The car pictured on this page is one of two Grand Prix Team cars (TT1 and TT2) built for Count Zborowski to compete in the 1922 Isle of Man TT (although they were not ready in time) and subsequently, the French GP in Strasbourg. It is one of the oldest surviving racing Aston Martins and thankfully is still actively used on the track to this day. Originally featuring a engine with twin camshafts and 16 valves, the car is now fitted with the Benson Twin Cam engine. This was designed by The Hon. John Benson as a new power unit for the cars just before Bamford and Martin called in the receivers in 1925.
Pictured below is chassis 1934, especially built for Captain George Eyston which he entered the JCC 200 mile race at Brooklands where he finished 3rd and the BARC Whitsun race where he finished 1st. The next year, he entered the first British Grand Prix at Brooklands although the car retired with a broken fuel pump. Chassis 1934 has just completed a restoration and was shown at the Kensington Palace Centenary Celebrations and the 2013 Concours d’Elegence at Pebble Beach.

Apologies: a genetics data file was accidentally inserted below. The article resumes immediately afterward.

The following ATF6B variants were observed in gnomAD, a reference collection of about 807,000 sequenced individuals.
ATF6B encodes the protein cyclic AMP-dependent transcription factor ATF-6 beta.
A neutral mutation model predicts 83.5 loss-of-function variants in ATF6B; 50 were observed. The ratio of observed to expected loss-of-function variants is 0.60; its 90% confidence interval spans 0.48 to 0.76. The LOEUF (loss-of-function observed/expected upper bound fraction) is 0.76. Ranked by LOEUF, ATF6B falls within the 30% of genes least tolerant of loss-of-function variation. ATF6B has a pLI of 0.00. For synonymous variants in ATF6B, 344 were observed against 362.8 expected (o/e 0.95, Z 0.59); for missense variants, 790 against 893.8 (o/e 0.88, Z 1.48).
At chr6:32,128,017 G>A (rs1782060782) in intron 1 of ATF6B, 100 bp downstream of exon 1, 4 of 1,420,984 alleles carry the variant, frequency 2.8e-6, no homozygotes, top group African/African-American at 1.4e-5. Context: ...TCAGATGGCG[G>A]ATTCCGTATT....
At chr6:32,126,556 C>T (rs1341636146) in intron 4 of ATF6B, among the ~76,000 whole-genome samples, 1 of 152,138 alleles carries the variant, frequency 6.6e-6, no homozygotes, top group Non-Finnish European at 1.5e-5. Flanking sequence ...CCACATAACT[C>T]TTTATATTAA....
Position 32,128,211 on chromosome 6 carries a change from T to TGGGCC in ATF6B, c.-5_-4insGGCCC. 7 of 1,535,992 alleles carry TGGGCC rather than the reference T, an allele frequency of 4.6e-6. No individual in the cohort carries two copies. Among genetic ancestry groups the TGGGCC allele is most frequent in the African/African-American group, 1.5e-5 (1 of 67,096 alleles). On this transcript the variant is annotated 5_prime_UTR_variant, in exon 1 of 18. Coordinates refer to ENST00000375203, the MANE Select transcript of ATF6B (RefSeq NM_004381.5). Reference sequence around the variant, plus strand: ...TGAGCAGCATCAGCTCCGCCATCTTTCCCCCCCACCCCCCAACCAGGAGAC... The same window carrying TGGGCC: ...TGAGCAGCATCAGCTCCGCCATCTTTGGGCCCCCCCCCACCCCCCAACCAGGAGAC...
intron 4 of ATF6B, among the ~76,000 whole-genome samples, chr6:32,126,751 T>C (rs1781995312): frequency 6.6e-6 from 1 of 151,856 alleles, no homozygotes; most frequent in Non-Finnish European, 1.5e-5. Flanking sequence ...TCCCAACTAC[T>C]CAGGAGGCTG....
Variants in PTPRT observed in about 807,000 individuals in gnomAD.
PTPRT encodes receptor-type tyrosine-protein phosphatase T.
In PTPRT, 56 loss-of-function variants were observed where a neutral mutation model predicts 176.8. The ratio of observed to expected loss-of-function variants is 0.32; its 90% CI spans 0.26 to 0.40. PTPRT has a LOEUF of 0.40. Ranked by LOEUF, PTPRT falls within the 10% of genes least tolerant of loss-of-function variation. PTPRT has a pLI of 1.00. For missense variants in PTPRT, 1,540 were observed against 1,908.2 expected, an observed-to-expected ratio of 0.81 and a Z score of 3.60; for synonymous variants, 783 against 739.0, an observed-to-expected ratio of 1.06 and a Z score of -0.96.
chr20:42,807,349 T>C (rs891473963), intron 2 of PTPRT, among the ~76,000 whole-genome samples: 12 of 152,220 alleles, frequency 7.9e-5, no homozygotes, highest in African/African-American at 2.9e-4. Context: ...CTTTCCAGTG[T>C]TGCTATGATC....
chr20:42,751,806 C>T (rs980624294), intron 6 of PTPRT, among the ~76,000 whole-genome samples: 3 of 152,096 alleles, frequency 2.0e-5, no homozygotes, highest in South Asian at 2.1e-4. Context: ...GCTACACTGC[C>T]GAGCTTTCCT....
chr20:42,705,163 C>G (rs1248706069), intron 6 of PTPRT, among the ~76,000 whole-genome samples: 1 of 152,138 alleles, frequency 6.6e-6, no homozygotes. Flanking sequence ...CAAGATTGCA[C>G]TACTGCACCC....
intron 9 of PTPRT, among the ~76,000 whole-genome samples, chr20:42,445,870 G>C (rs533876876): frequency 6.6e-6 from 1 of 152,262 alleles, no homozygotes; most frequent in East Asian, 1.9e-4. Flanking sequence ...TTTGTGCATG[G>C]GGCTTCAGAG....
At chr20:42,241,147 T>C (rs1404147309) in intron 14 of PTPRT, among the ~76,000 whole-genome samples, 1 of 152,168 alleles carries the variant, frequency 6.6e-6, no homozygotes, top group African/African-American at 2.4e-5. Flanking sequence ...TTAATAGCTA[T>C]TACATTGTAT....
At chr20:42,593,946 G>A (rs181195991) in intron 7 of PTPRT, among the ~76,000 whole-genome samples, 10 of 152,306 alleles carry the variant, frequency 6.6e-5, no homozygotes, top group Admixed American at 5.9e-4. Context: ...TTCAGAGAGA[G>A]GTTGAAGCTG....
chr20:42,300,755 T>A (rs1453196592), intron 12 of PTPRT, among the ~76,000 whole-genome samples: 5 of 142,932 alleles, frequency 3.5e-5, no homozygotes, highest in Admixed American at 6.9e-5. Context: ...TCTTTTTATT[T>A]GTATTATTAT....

Lionel Martin probably concentrated too much effort on racing and not sufficient on the production of Aston Martins. A total of perhaps only 61 cars were built during this era made up of 7 team cars and 54 production cars, insufficient to save the company until the receiver came in 1925 and the demise of Aston Martin looked certain; the first of many such occasions.